- His service
- Bob has been active at all levels of AALL, including serving as AALL President in 1985–1986. Most recently Bob chaired a special committee for AALL on Law Librarian Compensation.
- His wit and humor
- Known for his entertaining wit and “monumental”sense of humor, Bob is a frequently sought-after speaker and commentator. Writing under the persona “Uncle Zeb”, Bob has counseled hundreds of library patrons and law students on law studies, research, and life.
It is especially fitting that Bob receive this award, named for Frederick Charles Hicks, the first great American law librarian/scholar, as Hicks is a hero of Bob’s, and has been championed by Bob in several of his scholarly pieces.
For his exceptional contributions to the field of law librarianship through research, publications, and teaching; his active participation in the advancement of academic law librarianship; and his service to AALL and the profession, the 2003 Frederick Charles Hicks Award for Outstanding Contributions to Academic Law Librarianship goes to Robert C. Berring, Jr.
2002 Award Winners
Recipients honored on July 23, 2002, during the ALL-SIS reception at Barry University in Orlando, Florida at the annual AALL convention.
FREDERICK CHARLES HICKS AWARD
Richard A. Danner, Senior Associate Dean for Information Technology and Research Professor of Law at Duke University School of Law Library is the 2002 recipient of the coveted Frederick Charles Hicks Award for Outstanding Contributions to Academic Law Librarianship. The award recognizes individuals who have made outstanding contributions to academic law librarianship through sustained efforts in research, publication and other activities which improve and advance law librarianship.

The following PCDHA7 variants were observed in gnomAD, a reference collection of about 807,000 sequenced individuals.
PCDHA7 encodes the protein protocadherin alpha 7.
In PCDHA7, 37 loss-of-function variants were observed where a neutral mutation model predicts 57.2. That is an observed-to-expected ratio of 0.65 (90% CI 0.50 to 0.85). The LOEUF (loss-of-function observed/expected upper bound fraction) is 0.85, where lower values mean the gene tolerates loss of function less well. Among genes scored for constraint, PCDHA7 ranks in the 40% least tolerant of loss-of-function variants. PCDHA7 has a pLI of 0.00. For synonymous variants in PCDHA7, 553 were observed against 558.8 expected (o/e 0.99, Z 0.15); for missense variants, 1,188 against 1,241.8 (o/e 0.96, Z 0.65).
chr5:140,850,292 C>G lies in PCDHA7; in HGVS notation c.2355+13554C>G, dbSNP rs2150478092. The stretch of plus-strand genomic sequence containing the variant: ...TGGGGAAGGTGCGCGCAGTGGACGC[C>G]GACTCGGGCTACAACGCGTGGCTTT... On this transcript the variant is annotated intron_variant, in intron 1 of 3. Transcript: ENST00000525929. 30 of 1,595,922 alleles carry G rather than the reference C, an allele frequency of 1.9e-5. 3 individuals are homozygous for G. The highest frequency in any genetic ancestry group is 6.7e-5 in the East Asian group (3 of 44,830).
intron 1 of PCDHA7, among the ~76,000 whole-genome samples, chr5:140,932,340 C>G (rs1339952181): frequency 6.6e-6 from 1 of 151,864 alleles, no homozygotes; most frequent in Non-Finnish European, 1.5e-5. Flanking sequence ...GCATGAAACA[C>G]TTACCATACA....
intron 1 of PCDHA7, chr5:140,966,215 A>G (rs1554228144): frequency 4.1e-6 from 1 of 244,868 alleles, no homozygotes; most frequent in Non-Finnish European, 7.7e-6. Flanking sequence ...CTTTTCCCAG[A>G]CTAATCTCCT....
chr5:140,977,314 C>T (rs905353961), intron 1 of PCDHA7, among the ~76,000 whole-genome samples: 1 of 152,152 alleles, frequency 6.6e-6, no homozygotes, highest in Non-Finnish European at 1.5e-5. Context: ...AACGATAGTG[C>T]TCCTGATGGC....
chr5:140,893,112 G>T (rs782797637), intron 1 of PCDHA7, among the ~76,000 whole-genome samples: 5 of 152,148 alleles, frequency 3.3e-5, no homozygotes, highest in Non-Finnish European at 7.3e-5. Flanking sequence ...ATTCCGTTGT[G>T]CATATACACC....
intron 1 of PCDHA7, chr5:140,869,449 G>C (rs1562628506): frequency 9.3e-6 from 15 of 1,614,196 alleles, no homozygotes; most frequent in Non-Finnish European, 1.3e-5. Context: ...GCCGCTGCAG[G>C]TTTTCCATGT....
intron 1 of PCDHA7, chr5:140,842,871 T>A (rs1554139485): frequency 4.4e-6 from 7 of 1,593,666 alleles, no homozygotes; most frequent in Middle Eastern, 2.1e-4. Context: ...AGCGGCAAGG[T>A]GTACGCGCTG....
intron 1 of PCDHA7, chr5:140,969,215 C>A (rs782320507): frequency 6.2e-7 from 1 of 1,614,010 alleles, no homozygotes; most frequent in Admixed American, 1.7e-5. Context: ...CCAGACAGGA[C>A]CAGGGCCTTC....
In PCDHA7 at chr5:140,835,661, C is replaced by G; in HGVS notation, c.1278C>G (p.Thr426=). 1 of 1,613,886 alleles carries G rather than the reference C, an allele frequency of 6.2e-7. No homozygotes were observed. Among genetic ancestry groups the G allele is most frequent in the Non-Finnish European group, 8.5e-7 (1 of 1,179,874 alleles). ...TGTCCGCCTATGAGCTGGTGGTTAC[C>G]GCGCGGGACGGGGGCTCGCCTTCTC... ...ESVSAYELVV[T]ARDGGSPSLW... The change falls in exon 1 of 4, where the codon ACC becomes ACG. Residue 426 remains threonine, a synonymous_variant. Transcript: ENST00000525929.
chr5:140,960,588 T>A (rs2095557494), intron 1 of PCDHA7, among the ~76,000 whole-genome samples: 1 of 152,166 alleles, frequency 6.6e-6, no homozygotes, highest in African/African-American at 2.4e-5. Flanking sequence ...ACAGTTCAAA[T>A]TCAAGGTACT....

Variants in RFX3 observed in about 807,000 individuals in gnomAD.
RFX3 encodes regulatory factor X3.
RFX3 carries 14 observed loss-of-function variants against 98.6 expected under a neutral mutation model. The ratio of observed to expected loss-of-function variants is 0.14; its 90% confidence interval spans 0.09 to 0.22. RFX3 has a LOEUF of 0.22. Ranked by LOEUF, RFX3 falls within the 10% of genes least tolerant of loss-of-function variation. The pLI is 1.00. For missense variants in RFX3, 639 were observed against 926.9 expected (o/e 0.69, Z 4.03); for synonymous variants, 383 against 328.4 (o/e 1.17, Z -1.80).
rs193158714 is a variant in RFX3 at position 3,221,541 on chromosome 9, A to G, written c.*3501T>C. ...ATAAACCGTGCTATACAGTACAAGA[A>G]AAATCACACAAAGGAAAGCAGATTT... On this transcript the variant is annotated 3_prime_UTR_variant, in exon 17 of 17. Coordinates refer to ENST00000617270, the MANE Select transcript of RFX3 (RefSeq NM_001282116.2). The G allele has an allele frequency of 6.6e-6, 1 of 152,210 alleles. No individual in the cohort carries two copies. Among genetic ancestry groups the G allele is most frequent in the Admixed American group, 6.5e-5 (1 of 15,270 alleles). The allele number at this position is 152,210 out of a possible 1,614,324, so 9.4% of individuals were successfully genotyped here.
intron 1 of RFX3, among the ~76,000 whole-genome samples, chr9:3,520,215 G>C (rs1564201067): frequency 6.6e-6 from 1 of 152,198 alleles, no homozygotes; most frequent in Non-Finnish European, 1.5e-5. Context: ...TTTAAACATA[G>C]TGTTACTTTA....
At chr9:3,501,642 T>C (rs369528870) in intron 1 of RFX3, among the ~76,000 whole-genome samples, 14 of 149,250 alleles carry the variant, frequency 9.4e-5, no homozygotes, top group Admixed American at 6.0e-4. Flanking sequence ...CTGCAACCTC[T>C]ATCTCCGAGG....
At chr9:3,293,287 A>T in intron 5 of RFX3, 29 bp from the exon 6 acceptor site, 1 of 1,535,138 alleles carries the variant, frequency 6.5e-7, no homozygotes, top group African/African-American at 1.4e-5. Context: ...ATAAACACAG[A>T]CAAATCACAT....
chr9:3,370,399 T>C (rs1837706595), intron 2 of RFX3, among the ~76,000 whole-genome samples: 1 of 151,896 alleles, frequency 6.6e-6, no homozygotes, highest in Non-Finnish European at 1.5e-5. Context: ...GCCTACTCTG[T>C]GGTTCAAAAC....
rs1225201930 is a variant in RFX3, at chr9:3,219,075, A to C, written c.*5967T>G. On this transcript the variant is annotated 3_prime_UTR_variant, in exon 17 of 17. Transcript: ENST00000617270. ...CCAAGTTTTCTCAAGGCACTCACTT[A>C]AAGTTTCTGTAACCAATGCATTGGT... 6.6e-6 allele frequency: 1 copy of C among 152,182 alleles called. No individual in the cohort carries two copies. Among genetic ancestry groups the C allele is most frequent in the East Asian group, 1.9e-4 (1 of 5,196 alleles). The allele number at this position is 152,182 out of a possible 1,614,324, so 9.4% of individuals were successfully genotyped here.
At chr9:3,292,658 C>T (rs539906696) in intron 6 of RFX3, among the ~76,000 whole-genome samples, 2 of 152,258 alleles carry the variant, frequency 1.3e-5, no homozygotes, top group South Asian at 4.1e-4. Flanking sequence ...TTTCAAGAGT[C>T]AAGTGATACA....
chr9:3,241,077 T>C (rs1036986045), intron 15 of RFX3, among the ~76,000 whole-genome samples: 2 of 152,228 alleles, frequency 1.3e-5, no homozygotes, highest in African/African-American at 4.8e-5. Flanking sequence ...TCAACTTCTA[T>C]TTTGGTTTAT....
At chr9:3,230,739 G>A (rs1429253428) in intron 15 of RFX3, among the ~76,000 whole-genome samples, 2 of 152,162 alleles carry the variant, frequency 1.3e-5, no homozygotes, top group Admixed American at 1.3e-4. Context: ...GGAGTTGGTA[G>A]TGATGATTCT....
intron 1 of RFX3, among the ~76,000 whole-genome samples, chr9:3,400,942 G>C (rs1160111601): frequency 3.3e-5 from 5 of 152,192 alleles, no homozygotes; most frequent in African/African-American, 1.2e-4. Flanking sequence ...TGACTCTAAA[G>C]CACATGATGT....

Dick Danner’s career exemplifies the very best in academic law librarianship. Over the past 20 years his leadership and activities related to academic law librarianship have been diverse and continuous, and in the forefront of the profession. He has been active as an author, speaker and participant in AALL activities, serving as president in 1989-90 and editor of the Law Library Journal from 1984 to 1994. He has been active in other organizations affecting academic libraries such as IALL, and he was recently elected to the Executive Board of AALS, only the second librarian to hold this position.
Prof. Danner has written extensively about the core issues of law librarianship in several books and more than 30 articles. He is also a highly respected speaker who has participated in countless programs and workshops during the past 20 years. He has an uncanny ability to see the vision of the future and at the same time, help librarians work effectively in the present. His Strategic Planning: A Law Library Management Tool for the 90s and Beyond has helped many librarians work solidly in the present to achieve future goals. In 1994 he served on the Special Committee on the Renaissance of Law Librarianship in the Information Age and edited the Final Report of that committee, Toward a Renaissance of Law Librarianship. Prof. Danner’s contributions to academic law librarianship have been sustained throughout his career and critical to the advancement of the profession.